Group Therapy for Mood Disorders
Unipolar Depressive Disorders – An Overview of Effectiveness
• Evidence for group as primary treatment for Major Depressive
Disorder (MDD) is “promising to good,” an improvement on “mixed to
untested” in 2004 (2 meta-analytic studies included 65 studies and 17
new studies since 2004). A major review of the evidence for mood
disorders can be found in Burlingame, Strauss & Joyce (2013).
• Group Cognitive Behavior Therapy (GCBT) is the primary modality
studied, with other groups focusing on behavioral activation or
• Effect sizes (which in this case measured the impact of the treatment)
range from 1.0-1.1 for depression remission. These are in the large range.
• Meta-analyses (McDermut, Miller & Brown, 2001; Oei & Dingle, 2008)
produced 14 studies that compared individual and group therapy. These
studies showed, on aggregate, equivalence in treatment outcomes.
• “Sudden gains” predict better outcomes. That is, when group
treatments deliver strong results early in their life (sessions 1-5), they
tend to predict stronger outcomes at the end. This suggests that groups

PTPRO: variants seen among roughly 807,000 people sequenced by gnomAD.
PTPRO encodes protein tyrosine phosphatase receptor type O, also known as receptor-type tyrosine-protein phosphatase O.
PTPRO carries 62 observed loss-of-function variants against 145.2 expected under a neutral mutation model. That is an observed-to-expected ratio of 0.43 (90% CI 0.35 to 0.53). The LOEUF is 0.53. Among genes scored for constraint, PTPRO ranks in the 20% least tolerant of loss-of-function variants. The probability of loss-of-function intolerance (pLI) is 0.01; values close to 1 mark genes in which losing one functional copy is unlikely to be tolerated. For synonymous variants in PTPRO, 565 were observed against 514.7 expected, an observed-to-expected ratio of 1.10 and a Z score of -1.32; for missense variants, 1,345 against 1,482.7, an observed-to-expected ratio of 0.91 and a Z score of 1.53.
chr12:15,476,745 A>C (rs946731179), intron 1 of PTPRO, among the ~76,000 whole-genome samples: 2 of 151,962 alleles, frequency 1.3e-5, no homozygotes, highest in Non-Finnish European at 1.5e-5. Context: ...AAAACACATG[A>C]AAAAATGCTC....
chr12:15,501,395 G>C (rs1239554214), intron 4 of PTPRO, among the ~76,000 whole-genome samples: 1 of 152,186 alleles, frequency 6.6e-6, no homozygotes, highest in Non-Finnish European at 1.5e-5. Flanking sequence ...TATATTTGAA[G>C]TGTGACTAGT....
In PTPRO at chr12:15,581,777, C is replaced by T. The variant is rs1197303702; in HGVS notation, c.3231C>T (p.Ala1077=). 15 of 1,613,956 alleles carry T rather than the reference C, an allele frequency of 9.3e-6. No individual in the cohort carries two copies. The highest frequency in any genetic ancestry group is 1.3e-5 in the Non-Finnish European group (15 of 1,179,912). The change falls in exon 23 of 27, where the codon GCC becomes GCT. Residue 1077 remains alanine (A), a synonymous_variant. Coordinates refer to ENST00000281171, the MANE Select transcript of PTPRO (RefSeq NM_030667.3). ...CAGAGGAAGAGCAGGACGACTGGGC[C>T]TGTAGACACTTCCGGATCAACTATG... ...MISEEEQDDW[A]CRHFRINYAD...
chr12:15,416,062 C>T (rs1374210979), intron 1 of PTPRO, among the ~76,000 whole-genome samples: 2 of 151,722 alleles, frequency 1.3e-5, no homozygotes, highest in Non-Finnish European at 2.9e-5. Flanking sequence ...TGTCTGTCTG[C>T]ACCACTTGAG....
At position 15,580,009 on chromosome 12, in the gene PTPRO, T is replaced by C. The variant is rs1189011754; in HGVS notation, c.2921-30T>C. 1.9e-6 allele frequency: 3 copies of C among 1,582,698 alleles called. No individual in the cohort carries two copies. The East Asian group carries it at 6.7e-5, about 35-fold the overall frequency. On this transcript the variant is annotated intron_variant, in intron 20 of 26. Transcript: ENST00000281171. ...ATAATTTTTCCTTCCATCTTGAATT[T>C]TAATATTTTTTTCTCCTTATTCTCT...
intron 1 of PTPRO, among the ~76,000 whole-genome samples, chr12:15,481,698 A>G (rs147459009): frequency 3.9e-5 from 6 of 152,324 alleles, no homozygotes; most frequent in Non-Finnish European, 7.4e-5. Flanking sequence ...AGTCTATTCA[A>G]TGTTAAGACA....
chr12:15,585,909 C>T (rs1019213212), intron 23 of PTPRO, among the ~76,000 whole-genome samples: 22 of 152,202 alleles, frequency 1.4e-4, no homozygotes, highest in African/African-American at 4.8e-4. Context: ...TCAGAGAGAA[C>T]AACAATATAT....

structured for early success may be more potent, which may be a result of
the common factors in all group therapy rather than the specific
components of an individual treatment. Third generation group CBT
focuses on the addition of physical regulation and context in addition to
addressing the typical cognition-affect link (e.g., Acceptance and
Commitment Therapy; Crosby, 2012).
• Approaches to treating depression in a group format that are on
NREPP’s (National Registry of Evidence-Based Programs and Practices) list
of Evidence Based Practices include:
o Mindfulness based Cognitive Therapy (MBCT)
o Mindfulness Based Stress Reduction (MBSR)
o Acceptance and Commitment Therapy (ACT)
o Group Interpersonal Therapy (G-IPT), which has also shown some
early evidence suggesting effectiveness in treating depression.
o Short-term Interpretive Group Therapy for Complicated Grief
• Most, but not all, of these approaches tend to rely less on group
process and more on the teaching of skills in a group format.
• Meta-analytic research shows that interventions that are culturally
adapted have a moderately strong effect, suggesting that considerable
care should be paid to the role of culture. Moreover, targeting a specific
cultural group was found to be four times more effective than
interventions targeting a mixed multicultural group. Equally, if an
intervention was conducted in a client’s native language, it was found to
be twice as effective (Griner & Smith, 2006).